Free «Chapter 3 Methodology» Essay Sample

3.1 Introduction

This is a dissertation chapter that will shed light on the methodology that the research activity employs in the manipulation of various elements used to gather information intended for providing solution to the problem in question. Indeed, the chapter focuses on explaining the various elements facing the sample region of study. In particular, the research paper at this juncture focuses on the various means employed to unveil aspects of the paper’s target with respect to research question under which the problem revolves around. To achieve the core objective of the paper, this section therefore employs a well-defined which provides a clear excavation procedure prior to the acquisition of the information needed. In this regard, the various sources are explored in depth in order to provide a base for understanding the various aspects of the problem in question and therefore a solution to the problem.

There are various discrete approaches that are used in the entire process namely: qualitative and quantitative approaches. The quantitative approach is a mode of carrying out research based on the responses from the individual respondents or the feedbacks from the particular sources. Indeed, the team of researchers undertaking the study then synthesizes the information given to deliver a conclusive opinion-based remark that further contributes to the solution of the research problem. This implies that the researcher can be influential to the outcome of the research depending on where their opinion focuses. In essence, the methodology provides a systematic process that a researcher employs in order to solve the research problem (Mustafa, 2010).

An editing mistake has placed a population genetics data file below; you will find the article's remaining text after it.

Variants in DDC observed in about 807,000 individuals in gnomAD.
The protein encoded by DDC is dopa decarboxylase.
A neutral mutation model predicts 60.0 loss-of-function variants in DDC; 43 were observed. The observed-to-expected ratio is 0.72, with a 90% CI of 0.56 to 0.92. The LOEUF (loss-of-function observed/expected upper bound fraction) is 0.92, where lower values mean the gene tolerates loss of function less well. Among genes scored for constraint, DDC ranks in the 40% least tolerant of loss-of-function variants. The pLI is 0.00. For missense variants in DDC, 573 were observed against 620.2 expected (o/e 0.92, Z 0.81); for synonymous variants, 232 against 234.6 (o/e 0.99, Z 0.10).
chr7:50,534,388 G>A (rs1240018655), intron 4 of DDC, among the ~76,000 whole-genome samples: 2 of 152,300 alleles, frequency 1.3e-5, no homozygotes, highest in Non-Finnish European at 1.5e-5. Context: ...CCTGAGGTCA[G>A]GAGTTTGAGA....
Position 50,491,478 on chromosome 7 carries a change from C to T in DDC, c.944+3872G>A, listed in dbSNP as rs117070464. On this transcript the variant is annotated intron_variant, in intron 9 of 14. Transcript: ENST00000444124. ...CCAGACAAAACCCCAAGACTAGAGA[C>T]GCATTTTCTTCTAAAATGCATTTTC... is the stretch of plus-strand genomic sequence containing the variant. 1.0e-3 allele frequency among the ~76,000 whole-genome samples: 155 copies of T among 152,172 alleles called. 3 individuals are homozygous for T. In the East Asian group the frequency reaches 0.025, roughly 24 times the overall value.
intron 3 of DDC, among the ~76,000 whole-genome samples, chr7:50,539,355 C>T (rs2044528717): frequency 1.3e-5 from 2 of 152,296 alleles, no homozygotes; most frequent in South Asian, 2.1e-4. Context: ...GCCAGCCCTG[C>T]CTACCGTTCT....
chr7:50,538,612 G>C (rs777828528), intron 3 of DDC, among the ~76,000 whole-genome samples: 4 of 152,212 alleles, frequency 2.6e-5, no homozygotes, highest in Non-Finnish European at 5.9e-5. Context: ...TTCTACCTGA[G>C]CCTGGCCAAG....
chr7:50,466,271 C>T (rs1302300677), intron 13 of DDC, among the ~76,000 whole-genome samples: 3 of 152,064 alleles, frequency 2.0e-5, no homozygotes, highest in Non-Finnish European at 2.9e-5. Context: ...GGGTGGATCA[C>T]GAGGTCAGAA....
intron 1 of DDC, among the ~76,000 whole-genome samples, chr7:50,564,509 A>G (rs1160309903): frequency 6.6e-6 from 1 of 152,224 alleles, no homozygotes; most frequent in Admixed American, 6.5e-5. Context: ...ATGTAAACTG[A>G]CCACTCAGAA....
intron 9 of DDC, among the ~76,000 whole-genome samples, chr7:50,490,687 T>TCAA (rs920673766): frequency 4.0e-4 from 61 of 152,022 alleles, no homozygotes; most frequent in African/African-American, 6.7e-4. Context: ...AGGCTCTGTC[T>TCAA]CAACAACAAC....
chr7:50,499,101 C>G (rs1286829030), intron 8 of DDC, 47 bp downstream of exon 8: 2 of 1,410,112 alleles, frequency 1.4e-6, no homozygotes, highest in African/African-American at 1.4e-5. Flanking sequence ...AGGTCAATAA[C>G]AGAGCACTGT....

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Indeed, the methodology represents a scientific study of the manner in which the research is done. In the methodology chapter, the various steps that the research adopts are analyzed with a view to examine the problem alongside the logistics involved. In this section, the researcher develops particular indices on the calculation of various conclusive parameters such as modes, means as well as the chi-square. In line with this, the researcher puts particular consideration on the assumptions accruing to techniques and criteria used in the adoption of a given conclusive remark. This therefore explains the importance of developing a comprehensive methodology. The research methodology therefore takes into account various dimensions encompassing the logistics involved (Mustafa, 2010).

The research methodology gives a clear outline of the mode in which the research was carried out and therefore makes it easy for the researcher himself or other interested partners to evaluate the results. Indeed, it helps answer certain questions as to why the research was carried out, the definition of the research problem as well as the reason for the formulation of the hypotheses. Besides, this segment defines the significance of using one technique in analyzing certain data relative to the other. This therefore provides a solution to most of the problems outlined in the context of the study. In common parlance, the dissertation refers to the active search for facts through pertinent art of scientific investigation (Choudhary, 2009).